The point of this article is to show the potential for retirement account building with rental property, and to let you know that it’s never too late to start. The RealtyTrac report tells us that there are still bargains. Of course, real estate should only be a part of your overall retirement plan, so discuss your allocation of assets with someone you trust. Single family rental home investment isn’t the only avenue to invest in real estate. An interesting article over at titled “Why Mobile Home Parks Are Wowing Wall Street” describes one alternative investment avenue.

We’re talking here about mobile home parks that charge rent for the space where a privately owned mobile home is parked. A very interesting statistic in the article tells us that 98 percent of mobile homes never move from the original spot to which they were delivered and set up when purchased. Turnover certainly doesn’t seem to be a problem. When you compare this to vacancy rates in even the best of rental portfolios, it’s impressive.

Several other data points in the NuWire article help to illustrate the opportunity in mobile home park investing:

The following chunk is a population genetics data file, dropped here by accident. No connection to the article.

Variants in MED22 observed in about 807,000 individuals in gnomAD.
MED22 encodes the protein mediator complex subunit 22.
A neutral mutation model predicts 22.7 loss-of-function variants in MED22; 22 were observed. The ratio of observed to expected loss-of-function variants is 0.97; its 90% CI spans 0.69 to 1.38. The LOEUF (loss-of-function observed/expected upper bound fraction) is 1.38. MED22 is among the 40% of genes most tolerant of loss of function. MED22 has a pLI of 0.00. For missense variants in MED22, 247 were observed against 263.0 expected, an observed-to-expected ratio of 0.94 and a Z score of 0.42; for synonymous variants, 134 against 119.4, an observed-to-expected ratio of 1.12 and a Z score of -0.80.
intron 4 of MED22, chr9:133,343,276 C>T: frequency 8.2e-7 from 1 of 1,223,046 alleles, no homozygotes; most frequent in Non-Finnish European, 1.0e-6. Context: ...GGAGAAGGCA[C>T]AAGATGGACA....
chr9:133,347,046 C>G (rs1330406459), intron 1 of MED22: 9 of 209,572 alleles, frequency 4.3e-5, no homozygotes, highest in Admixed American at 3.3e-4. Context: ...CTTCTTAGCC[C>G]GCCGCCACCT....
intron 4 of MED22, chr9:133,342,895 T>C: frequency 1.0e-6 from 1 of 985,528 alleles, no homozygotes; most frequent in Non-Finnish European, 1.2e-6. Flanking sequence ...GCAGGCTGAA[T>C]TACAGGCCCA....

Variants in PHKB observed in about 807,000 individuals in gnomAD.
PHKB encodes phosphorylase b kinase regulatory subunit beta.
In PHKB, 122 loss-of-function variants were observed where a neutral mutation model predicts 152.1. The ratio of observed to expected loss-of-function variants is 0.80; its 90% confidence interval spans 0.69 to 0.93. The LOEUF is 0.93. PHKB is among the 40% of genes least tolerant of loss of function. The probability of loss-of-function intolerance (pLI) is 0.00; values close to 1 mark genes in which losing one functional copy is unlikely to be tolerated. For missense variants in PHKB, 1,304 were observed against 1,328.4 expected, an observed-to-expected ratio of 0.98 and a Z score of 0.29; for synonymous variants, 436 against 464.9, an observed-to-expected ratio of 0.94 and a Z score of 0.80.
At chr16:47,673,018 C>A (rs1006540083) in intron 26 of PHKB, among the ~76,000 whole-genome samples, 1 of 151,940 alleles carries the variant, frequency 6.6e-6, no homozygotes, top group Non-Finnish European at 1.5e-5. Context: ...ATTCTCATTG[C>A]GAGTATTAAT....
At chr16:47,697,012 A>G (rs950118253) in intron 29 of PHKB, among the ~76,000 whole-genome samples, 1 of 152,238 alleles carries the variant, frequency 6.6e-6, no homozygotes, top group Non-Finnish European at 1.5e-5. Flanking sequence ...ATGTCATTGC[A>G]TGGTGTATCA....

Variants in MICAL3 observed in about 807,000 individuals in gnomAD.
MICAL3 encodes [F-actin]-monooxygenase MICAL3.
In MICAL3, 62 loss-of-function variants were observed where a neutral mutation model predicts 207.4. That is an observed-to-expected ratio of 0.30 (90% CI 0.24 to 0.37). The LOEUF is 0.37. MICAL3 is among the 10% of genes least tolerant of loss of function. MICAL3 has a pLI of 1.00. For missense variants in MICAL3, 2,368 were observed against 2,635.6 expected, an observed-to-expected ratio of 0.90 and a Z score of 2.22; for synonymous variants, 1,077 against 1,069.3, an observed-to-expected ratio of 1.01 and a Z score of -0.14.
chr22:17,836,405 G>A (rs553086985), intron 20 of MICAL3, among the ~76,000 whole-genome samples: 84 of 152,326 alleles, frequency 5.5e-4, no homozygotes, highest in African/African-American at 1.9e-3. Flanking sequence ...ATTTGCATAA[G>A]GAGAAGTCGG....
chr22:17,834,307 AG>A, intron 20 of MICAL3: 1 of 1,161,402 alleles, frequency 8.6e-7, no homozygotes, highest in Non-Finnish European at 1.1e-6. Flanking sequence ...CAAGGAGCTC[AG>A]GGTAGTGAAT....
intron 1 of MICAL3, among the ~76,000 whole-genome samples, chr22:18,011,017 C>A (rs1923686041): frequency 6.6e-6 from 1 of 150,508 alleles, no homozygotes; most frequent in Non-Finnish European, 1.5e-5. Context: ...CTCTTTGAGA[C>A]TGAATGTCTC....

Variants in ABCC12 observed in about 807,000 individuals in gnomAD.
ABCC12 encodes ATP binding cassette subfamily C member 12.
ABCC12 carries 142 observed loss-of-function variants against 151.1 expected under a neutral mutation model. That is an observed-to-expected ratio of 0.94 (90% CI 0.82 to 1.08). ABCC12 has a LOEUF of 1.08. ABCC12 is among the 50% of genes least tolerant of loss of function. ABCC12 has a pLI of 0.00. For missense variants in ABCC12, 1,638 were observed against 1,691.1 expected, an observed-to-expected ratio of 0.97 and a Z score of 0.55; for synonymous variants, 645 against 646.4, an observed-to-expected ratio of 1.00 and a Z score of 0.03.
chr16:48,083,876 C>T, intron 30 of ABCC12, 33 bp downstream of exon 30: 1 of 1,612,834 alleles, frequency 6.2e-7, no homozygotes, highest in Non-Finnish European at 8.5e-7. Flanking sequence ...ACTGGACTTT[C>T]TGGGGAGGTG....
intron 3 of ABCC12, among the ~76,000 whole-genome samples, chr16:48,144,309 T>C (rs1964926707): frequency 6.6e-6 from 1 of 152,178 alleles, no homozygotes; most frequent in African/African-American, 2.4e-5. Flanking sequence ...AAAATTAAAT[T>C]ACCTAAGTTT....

Recession resistance — Because the tenants in mobile home parks are for the most part in the lowest income demographic, they continue to work and earn through the ups and downs of the economy. It also costs thousands to move a mobile home, so they aren’t going to leave on a whim.
Rents are flexible — Mobile home space rents are low, generally around a quarter or less than the rent for an apartment, so there’s room to push them upward when the need arises.
Low maintenance costs — Land and installed utilities are the major costs involved in operations. Land requires little or no maintenance (landscaping maybe), and utilities are also low maintenance items over the long-term.
Double-digit cash-on-cash yields — The combination of all of these factors produces a great yield on money invested, particularly if you can buy a park at a discount to value.

I’m not recommending buying into a mobile home park for all investors, just pointing out an overlooked investment opportunity that may appeal to some investors, particularly those living where mobile home parks are common.

The point is to think about diversification into real estate in a long-term retirement plan. Single family homes are still a great asset, but getting creative can provide alternatives that involve less competition and at far higher yields than other investment types.

Dean Graziosi

It’s Not Real Estate — It’s the Economy Stupid

September 9, 2014

Whether you’re a real estate investor, a homeowner, or you’re just interested in how home prices are doing these days, it’s easy to find media coverage to support just about whatever attitude or bias you may have. News was very consistent from 2007 through 2010, as the crashing market kept everybody in a bad mood. However, from around 2011 to the present, news about the “recovery” has been all over the map.